Once Upon A Time In the West


Click on image to listen to “Armonica”

Days Of Heaven


Click on image to listen to “Harvest”

The Untouchables


Click on image to listen to “Al Capone” theme



Click on image to listen to “Frantic” theme

The Thing


Click on image to listen to “The Thing” theme.

Ennio Morricone, one of the great music composers in film history.


Click on image to be taken to IMDb.

“Room 237” (2013) – Review


Director: Rodney Ascher

With: Bill Blakemore, Geoffrey Cocks, Juli Kearns, and Jay Weidner

Room 237 is proof positive that if you are looking for hidden meaning in something, you’ll find it even if it isn’t there. Room 237 is a documentary about people who are overly obsessed with the movie The Shining. In voiceover only we are introduced to the principal theorists: Bill Blakemore, Geoffrey Cocks, Juli Kearns, and Jay Weidner. With the use of film clips, animation, and dramatization, we are presented their suppositions.

One person believes the entire film is about the Native American genocide as Americans moved West. There are obvious Indian motifs in the film:  the photos of chiefs on the wall, images of buffalo throughout the hotel. Another person believes the film represents Kubrick’s research of the Nazi’s and their final solution, which went into effect in 1942. He finds the number 42 everywhere. There are forty-two vehicles in the hotel parking lot; forty-two pieces of cutlery, utensils, and plates on the floor of the kitchen after they have been spilled; two times three times seven is forty-two. What about the hotel itself. It’s layout is impossible. How can the hotel manager’s office have a giant window with trees. What about the hotel manager during Jack’s interview? When he shakes Jack’s hand his crotch lines-up with his “in” tray and it symbolizes an erection. Still another person believes The Shining is infested with clues that the lunar landing footage was a hoax–just the footage not the landing–and the entire film he Kubrick’s guilt-trip about being the person who staged the landing for film. Jack’s tirade about his responsibilities to his employers is actually Kubrick’s tirade about why he filmed the staged landing.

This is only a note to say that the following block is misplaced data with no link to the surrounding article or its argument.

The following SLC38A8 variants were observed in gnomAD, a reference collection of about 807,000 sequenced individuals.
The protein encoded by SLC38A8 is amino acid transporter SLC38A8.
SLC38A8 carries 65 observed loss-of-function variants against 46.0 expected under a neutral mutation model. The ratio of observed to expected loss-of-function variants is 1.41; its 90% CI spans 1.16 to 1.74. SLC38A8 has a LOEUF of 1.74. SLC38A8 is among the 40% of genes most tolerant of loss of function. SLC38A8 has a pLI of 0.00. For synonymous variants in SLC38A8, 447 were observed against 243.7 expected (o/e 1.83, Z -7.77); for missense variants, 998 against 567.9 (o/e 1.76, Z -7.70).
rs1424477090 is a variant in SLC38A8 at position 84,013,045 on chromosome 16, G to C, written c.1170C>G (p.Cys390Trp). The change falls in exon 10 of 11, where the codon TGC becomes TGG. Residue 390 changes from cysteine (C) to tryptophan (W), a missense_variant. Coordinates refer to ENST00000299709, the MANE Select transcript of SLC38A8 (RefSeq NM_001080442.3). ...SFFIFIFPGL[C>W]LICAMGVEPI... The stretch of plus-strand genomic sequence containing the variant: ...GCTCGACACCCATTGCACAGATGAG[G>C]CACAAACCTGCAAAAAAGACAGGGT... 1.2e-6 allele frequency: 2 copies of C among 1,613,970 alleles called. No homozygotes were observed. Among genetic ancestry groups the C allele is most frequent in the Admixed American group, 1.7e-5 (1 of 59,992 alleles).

Ascher’s, the director, decision not to show the theorists is a wise one. The style lends itself to a “Deep Throat” quality. Their anonymity adds weight to their testimony. It’s only after their views and ideas get more and more outlandish do we start to doubt their credibility. Can’t you see that “Ski” poster in the Game Room? From a distance doesn’t it look like an outline of the Minotaur. Obviously this foreshadows Jack in the Maze.